Allan Rolnick, CPA
Considering how much Americans think about retirement, it’s sometimes hard to realize what a new concept that phase of life really is. It wasn’t too long ago that you worked right up until you died. Or, if you were lucky, you took good care of your kids at the beginning of their lives – then you sent them off to work in the coal mine or bobbin factory at age eight and hoped they would return the favor for a couple of years at the end of yours. Today, Americans who want to spend retirement playing in the Florida sun instead of clipping supermarket coupons face a decades-long challenge. How do you cobble together an adequate income from the three-legged stool of social security, employer-sponsored pensions, and personal savings? Some succeed; others fail. Most manage to somehow muddle through. (As the Greek philosopher Mediocrates once said, “Ehhhh . . . that’s good enough.”) Americans aren’t alone in struggling with how to support our seniors after their working years. Right now, France is torn over pension benefits, and taxes play a big part in that debate. France currently has 42 different retirement systems tied to different companies, unions, and professions. What they all have in common are pay-as-you-go financing and generous benefits, with an average “replacement ratio” of 74%. (Social Security pays 51%.) It’s expensive – France spends 14% of its gross domestic product on pensions. (It’s 6.4% here.)
And the statutory retirement age is just 62, which leaves retirees with decades to enjoy le Beaujolais nouveau and les croque monsieurs. They’ve even got pickleball! Here’s the problem. The population in France, like populations everywhere, is getting older. In 2020, there were 1.7 workers paying into the system for every retiree getting benefits; by 2070, there will be only 1.2 paying in. President Emmanuel Macron has long favored raising the retirement age from 62 to 64. Last week, he used some constitutional sleight-of-hand to push it through without a vote. Protestors flooded the Place de la Concorde, where Marie Antoinette said, “Let them have their cake and eat it, too,” before she lost her head. French police have made hundreds of arrests, and Macron’s polling numbers have dropped below Pepe LePew’s, oops. French unions seem open to simplifying the system so long as benefits don’t take a hit. They would rather see the government raise the social charges that finance pensions or income taxes on wealthy households. Right now, the social charge is 9.7% on salaries and 17.2% on investments. And the top tax rate is 45% on income over €157,807, or roughly $168,000.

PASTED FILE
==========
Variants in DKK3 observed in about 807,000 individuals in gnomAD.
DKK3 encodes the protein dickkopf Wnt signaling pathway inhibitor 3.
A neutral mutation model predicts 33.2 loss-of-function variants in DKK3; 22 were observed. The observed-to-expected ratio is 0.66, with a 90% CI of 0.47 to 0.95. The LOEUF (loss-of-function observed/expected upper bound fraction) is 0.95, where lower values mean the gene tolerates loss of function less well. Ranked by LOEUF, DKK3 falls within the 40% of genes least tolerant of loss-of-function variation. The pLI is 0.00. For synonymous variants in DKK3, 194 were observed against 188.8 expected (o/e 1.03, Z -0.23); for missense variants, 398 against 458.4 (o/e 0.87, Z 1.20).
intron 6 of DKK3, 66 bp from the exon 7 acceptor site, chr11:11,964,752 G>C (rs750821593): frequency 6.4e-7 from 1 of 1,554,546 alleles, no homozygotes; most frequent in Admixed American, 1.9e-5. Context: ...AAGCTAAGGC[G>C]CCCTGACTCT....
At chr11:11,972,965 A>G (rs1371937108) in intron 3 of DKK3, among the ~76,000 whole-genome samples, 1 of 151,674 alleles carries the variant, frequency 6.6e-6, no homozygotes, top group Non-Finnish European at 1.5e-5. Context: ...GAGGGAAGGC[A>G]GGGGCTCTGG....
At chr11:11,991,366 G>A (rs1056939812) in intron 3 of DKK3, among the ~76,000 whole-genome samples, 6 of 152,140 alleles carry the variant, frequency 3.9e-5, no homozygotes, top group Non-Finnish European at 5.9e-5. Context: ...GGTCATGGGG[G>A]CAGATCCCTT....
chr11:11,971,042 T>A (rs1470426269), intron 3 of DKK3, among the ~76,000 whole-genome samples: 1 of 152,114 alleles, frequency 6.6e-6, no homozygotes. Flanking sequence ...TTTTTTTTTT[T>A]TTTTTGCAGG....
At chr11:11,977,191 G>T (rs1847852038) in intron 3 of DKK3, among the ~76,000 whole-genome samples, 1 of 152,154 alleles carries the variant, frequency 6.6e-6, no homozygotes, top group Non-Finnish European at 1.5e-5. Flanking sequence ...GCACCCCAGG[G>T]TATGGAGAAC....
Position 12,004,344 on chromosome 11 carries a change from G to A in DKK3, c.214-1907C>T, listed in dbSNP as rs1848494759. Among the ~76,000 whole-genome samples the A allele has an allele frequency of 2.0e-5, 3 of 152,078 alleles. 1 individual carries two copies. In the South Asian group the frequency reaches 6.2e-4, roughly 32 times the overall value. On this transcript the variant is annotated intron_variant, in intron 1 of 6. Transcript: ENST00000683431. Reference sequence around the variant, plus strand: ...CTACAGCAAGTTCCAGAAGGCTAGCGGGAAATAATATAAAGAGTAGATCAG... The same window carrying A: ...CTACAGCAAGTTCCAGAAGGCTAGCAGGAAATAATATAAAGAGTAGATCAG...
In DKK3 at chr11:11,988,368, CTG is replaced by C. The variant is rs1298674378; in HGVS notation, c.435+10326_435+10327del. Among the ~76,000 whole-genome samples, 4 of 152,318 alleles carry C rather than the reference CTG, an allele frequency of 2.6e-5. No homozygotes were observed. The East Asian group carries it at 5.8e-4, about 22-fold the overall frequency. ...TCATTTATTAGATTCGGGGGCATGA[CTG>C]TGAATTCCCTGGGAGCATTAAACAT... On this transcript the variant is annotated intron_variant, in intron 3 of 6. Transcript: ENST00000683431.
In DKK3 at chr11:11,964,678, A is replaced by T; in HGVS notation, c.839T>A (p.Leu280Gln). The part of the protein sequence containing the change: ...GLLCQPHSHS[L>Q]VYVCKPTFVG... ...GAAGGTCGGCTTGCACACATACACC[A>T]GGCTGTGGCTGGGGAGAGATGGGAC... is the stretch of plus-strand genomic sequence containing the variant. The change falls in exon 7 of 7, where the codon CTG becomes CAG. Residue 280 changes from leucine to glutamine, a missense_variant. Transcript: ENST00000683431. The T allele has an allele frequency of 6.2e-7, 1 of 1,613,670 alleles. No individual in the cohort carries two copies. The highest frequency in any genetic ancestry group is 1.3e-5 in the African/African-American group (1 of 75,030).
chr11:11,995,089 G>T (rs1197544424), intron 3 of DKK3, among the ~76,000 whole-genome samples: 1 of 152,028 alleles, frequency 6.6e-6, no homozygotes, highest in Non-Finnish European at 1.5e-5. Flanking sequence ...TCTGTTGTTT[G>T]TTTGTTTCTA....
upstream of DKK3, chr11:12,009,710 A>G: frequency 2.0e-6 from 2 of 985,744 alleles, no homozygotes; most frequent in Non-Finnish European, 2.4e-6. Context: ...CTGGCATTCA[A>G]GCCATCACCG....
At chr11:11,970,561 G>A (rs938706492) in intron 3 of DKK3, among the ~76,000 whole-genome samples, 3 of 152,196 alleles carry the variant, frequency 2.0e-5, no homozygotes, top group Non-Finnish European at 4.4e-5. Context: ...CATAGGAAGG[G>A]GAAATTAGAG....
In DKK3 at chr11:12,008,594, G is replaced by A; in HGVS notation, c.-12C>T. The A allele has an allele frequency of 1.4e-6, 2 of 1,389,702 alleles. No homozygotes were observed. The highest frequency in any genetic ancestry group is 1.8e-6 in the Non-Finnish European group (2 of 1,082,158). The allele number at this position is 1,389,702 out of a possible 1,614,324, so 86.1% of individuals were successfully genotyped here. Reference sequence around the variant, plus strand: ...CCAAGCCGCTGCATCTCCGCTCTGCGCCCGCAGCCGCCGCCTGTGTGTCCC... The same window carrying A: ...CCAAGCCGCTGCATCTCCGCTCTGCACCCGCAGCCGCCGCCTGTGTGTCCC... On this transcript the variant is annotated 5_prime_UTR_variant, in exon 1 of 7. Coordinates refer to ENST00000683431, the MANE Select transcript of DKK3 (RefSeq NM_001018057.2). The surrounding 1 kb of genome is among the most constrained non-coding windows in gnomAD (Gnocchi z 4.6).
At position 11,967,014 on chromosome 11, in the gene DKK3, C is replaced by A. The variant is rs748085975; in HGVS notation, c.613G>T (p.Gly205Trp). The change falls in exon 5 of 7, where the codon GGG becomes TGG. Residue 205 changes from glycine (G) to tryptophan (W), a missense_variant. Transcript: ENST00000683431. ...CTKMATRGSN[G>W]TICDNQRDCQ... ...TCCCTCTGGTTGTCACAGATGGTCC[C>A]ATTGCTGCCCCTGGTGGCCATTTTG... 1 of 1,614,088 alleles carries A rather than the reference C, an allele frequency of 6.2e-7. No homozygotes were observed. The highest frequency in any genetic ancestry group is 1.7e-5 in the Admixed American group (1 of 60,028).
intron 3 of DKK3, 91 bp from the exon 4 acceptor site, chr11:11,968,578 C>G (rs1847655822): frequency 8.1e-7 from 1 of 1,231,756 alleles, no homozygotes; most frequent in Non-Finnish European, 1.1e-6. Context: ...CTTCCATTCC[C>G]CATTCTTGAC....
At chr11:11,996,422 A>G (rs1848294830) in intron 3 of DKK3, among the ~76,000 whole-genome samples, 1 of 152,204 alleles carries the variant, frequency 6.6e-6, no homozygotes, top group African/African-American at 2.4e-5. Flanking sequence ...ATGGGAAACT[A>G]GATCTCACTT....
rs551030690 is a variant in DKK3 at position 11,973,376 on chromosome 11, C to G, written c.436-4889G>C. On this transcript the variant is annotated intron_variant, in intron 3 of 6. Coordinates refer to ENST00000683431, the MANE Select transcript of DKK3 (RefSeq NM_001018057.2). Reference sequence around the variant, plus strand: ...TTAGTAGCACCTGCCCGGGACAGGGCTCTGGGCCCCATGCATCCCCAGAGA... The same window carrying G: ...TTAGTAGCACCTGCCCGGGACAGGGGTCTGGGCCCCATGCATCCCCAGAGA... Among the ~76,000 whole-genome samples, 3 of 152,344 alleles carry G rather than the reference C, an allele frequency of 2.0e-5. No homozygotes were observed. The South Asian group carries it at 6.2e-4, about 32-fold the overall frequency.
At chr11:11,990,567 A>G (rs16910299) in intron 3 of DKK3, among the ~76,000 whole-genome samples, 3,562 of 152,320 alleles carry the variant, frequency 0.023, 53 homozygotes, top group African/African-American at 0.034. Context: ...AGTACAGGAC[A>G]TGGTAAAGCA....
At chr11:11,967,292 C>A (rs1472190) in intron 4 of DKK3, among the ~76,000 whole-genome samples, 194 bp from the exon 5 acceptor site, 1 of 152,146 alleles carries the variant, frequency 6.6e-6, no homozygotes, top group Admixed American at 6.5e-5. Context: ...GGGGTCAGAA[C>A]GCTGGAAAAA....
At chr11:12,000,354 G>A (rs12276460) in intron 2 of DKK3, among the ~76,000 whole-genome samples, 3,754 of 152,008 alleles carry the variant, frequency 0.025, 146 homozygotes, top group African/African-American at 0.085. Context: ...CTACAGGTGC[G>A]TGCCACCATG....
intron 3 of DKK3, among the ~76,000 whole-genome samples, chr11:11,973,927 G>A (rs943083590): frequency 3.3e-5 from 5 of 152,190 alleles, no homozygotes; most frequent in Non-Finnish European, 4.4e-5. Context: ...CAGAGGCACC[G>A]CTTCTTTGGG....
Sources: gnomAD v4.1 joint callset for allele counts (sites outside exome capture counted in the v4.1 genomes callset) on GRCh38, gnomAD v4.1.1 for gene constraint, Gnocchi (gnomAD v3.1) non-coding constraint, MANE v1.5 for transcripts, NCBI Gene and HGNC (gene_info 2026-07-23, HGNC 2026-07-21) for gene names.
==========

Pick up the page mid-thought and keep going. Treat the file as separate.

Those rates are already high enough that Macron’s party is reluctant to go higher. In fact, French tax collectors have started using artificial intelligence to scan open-source satellite images to catch homeowners who don’t pay property taxes on backyard pools – which sounds like the tax collector’s equivalent of scrounging cushions for spare change. Back here in the U.S., taxes play a huge role in retirement planning. Should you stuff your savings into tax-deferred accounts and hope you’ll be paying less when you take them out decades from now? Or should you choose a Roth alternative and pay now to avoid a bigger hit later? Will this year’s choice still be right next year? How optimistic are you that the next pandemic won’t turn us all into zombies and make the whole question moot? This time of year, millions of Americans put more planning into their March Madness brackets than they do into their retirement. If you’re one of them, call us before your #1 seed, “retiring in style,” gets upset! We promise not to judge.
Allan J Rolnick is a CPA who has been in practice for over 30 years in Queens, NY. He welcomes your comments and can be reached at 718-896-8715 or at firstname.lastname@example.org.